‘I didn’t have an excuse not to try’
Other wintertime sports that have risen in popularity dramatically during the pandemic are, of course, skiing and snowboarding. According to our survey, around 30 percent of respondents said they wanted to learn to ski or snowboard sometime this winter.
Erin McCarthy, a skier of 15 years, is one of those people. She decided to try out snowboarding at Mt. Peter in Warwick for the first time ever last month with her daughter, Emma.
Emma is an experienced skateboarder and a natural at snowboarding. Erin, on the other hand... “Let’s just say I was definitely slumming it on the bunny hill,” she said.
McCarthy, coincidentally, also works at Mt. Peter as a shopkeeper, and had been eyeing the board for a while. “I didn’t have an excuse not to try it out, especially now with all of my free time and working at a ski and snowboard mountain.”
Mt. Peter is popular for its beginner-friendly trails, night skiing, and snow-tubing. It’s been a huge destination for people around the area looking to learn a new skill and keep busy. It’s gotten to the point that online ski and snowboard reservations are necessary, and snow-tubing tickets are all but sold out.
‘Demand is sky high’
Julie Groth, manager of Orange County Snowboards, Ski & Bike Shop in Goshen, N.Y., said she’s seen a big change since the pandemic.
“There’s definitely more people hitting the hill recently, and it’s a lot of beginners,” she said.
The store sells a wide selection of ski and snowboards, winter apparel, and bike equipment. “Just like how there was a huge run on bikes last summer because of the pandemic, there’s a huge demand for skis and snowboards right now, and it’s reflected in the sales,” said Groth.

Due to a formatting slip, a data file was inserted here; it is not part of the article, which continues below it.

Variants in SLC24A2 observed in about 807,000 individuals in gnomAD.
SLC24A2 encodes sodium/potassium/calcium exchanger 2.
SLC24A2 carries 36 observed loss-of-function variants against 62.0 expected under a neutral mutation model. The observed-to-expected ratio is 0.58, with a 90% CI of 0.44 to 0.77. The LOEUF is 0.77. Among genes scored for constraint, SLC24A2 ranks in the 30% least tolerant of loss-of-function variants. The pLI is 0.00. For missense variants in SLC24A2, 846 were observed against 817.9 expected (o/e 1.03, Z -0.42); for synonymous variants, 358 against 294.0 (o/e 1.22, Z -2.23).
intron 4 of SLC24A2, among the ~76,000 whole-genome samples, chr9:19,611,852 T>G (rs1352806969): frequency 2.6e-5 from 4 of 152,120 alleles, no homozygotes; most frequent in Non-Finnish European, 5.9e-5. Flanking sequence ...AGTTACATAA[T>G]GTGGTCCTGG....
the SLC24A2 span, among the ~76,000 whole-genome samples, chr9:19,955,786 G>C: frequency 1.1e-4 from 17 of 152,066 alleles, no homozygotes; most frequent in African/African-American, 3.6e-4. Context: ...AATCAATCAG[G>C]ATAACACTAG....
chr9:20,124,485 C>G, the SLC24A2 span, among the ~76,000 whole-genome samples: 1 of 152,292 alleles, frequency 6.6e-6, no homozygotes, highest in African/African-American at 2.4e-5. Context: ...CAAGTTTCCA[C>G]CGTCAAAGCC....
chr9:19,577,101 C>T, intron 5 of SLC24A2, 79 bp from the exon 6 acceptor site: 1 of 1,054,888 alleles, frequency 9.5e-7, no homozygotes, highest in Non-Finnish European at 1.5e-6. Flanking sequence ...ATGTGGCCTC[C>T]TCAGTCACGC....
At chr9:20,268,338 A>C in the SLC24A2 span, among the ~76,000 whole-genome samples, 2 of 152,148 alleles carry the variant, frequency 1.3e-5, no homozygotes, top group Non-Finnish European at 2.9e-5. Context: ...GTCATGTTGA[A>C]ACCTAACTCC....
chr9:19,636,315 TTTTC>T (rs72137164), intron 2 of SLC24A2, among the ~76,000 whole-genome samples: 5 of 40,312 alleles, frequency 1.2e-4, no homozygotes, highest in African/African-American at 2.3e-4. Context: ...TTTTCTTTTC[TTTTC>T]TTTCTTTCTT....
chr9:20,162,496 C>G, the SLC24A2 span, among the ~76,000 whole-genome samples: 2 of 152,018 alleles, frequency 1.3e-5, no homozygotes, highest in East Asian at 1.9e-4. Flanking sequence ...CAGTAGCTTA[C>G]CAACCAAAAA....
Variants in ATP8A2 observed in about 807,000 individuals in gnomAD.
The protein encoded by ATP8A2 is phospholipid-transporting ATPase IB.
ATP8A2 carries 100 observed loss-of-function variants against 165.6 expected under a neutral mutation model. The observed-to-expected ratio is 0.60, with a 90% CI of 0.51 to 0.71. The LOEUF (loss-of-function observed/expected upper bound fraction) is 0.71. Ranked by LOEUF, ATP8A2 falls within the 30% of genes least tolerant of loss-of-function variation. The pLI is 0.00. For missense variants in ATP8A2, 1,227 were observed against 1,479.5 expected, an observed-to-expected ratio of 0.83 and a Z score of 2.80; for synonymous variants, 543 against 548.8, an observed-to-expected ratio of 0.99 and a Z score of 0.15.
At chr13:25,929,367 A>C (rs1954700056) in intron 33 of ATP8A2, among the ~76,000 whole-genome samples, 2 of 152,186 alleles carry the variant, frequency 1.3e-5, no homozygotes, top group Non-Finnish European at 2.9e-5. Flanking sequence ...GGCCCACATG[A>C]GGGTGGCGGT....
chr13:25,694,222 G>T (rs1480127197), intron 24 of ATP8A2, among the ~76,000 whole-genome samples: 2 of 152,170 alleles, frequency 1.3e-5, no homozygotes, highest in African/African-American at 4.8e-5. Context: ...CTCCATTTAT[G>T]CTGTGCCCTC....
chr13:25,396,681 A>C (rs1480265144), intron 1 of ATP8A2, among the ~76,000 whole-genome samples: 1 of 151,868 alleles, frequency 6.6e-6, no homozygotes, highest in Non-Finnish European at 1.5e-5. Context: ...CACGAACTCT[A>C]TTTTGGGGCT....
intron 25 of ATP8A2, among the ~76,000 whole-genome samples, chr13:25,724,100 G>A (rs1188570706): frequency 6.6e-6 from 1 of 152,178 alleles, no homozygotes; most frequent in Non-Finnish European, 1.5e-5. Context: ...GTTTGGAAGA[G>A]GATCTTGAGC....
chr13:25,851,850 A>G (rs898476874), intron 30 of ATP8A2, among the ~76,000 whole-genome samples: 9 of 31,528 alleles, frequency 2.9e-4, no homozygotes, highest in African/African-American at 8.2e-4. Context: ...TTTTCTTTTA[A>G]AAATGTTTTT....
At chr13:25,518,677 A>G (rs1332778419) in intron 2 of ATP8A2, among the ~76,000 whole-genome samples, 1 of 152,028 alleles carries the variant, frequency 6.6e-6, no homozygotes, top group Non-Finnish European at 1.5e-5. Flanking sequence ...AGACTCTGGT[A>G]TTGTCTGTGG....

Groth is a snowboarder herself. “The slopes are even busy on Mondays,” she said. “I’ve never seen that in winters past.”
The 29-year-old Vernon, N.J., native is a regular at local ski and snowboard mountains. “I can only imagine what they’re feeling,” she said. “I’m sure they’re doing great right now.”
Evan Kovach, assistant general manager at Mountain Creek in Vernon, has never in his 14 years of working at the mountain seen anything like the current interest.
“We’re selling out these days, which is something we’ve never had in the past,” said Kovach. “From the highly committed skiers and snowboarders, to the never-touched-skis-ever, they’re coming out in droves.”
People have been looking to the mountains for things to do in winter.
“The activity itself is naturally socially distant which we’re very thankful for,” said Kovach. “Going to a park or other summer activities aren’t an option right now. This is probably one of the few options to do in the wintertime, and since we’re so close to New York City, our demand is sky high.”
The mountain must still adhere to the New Jersey State guidelines, which include reduced capacities and online reservations for ski, snowboarding, and snow tubing tickets. “We’re trying to keep the community here as safe as possible, and if that means having fewer people on the slope, so be it,” said Kovach.
Lori Phillips, general manager at Big Bear in the Poconos, is also seeing a large increase of interest in skiing and snowboarding, which she says has come with a few more difficulties due to COVID.
“The hardest thing for us is that it takes longer to process things and harder to find employees,” said Phillips. “Some people aren’t comfortable working at this time because of the pandemic, so it’s a lot of demand with little help.”
Kovach remains hopeful for this newfound interest in winter sports. “I think there’s a lot of good things to do when we disconnect from our cell phone, Netflix. It’s good for your mental health, it’s good for your well being and so I certainly think this interest will continue, or at least have momentum for years to come.” Evan Kovach.